The Craighead-Jackson House (29)
1000 State Street
The Craighead–Jackson House was built in 1818, at the very end of Knoxville’s capitol era and is one of the few remaining early 19th century structures in downtown Knoxville. It is named for original owner John Craighead, credited with building Knoxville’s first waterworks, and the prominent Knoxville physician, Dr. George Jackson. It is believed that the house was designed by Craighead’s brother-in-law, John Cullen, who was an architect in Knoxville, and that the construction may have been performed by Craighead’s brother, Thomas. The house still contains interior woodwork hand carved by Knoxville’s first professional architect, Thomas Hope.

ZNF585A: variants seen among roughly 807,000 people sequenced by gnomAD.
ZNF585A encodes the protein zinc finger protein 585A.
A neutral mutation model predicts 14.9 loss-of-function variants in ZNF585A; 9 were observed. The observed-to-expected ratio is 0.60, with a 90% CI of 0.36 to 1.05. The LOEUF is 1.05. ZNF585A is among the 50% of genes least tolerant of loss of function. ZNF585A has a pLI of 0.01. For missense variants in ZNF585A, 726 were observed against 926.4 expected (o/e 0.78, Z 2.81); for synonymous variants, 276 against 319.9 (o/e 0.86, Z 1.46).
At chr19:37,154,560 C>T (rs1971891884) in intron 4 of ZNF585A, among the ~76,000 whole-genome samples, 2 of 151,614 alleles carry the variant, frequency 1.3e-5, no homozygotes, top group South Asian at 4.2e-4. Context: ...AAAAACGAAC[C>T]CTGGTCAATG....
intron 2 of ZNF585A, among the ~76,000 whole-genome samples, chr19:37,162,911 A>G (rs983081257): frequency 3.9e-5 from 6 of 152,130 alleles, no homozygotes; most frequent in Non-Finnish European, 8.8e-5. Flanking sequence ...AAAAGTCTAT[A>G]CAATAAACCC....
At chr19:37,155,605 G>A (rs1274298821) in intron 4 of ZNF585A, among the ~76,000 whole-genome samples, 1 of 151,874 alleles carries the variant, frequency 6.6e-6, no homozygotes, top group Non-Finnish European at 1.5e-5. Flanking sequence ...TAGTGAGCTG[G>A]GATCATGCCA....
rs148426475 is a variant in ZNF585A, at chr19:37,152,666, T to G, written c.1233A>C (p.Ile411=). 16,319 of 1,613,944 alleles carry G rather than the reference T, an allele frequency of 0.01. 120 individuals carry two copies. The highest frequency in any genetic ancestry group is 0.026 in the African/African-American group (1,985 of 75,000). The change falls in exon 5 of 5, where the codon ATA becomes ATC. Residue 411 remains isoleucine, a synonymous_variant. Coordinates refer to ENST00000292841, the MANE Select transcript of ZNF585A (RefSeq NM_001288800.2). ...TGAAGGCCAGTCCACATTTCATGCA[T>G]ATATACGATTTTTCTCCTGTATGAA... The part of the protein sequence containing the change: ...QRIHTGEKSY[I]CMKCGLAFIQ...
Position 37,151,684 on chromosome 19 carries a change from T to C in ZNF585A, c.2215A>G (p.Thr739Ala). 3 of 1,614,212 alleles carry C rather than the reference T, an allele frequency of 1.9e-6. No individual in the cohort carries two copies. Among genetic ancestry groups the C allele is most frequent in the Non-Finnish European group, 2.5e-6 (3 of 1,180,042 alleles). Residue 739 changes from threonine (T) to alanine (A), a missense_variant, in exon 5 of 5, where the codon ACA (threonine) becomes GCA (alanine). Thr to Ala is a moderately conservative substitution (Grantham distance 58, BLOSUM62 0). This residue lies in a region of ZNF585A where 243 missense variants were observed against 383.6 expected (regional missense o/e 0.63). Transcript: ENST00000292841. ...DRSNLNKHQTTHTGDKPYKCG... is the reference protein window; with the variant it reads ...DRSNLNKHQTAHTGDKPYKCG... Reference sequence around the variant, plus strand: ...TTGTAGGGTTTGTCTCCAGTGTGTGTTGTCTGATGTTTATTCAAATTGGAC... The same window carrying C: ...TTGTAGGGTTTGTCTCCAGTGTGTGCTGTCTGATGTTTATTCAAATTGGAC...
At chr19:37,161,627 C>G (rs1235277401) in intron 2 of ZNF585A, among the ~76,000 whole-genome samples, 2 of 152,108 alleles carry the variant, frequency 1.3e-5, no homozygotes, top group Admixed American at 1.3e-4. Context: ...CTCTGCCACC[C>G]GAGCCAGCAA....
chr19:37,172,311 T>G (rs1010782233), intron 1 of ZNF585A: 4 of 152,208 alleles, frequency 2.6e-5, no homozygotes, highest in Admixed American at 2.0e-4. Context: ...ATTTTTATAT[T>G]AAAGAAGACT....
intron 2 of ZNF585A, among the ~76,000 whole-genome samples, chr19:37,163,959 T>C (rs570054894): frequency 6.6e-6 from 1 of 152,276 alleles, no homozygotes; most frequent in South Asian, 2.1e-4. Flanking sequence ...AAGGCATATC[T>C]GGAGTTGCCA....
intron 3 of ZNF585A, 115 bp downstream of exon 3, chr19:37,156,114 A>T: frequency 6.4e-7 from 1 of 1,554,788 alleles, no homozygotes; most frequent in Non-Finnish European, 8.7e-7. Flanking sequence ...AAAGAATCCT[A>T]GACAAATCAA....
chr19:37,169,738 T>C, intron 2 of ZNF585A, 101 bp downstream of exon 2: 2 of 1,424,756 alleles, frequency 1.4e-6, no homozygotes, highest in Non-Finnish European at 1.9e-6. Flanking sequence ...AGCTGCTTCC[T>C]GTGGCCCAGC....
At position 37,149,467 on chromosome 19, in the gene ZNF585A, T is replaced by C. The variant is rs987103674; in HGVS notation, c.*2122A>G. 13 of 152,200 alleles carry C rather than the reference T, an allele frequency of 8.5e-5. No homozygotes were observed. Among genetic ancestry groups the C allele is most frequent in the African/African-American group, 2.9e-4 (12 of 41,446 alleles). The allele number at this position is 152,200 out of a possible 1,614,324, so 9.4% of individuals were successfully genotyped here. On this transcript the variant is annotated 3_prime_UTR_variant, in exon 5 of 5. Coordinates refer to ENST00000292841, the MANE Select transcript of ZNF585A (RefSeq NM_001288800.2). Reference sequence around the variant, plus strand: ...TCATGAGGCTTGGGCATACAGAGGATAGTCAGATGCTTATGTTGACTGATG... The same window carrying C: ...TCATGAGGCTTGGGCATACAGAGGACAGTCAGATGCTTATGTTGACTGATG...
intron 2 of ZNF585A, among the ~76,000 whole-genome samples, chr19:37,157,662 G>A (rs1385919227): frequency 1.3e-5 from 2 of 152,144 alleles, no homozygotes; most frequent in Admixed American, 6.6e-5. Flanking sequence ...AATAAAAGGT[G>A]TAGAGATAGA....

The Craighead family lived in the house until 1855, when it was sold to William Swan. Soon after acquiring the house, Swan sold it to Dr. Jackson, whose family lived in the house until 1885. After Dr. Jackson sold the home, it was held by a succession of owners for decades, falling into serious disrepair. In 1957, the house was purchased jointly by the city and state and was deeded to the Blount Mansion Association. The home was opened to the public in 1966.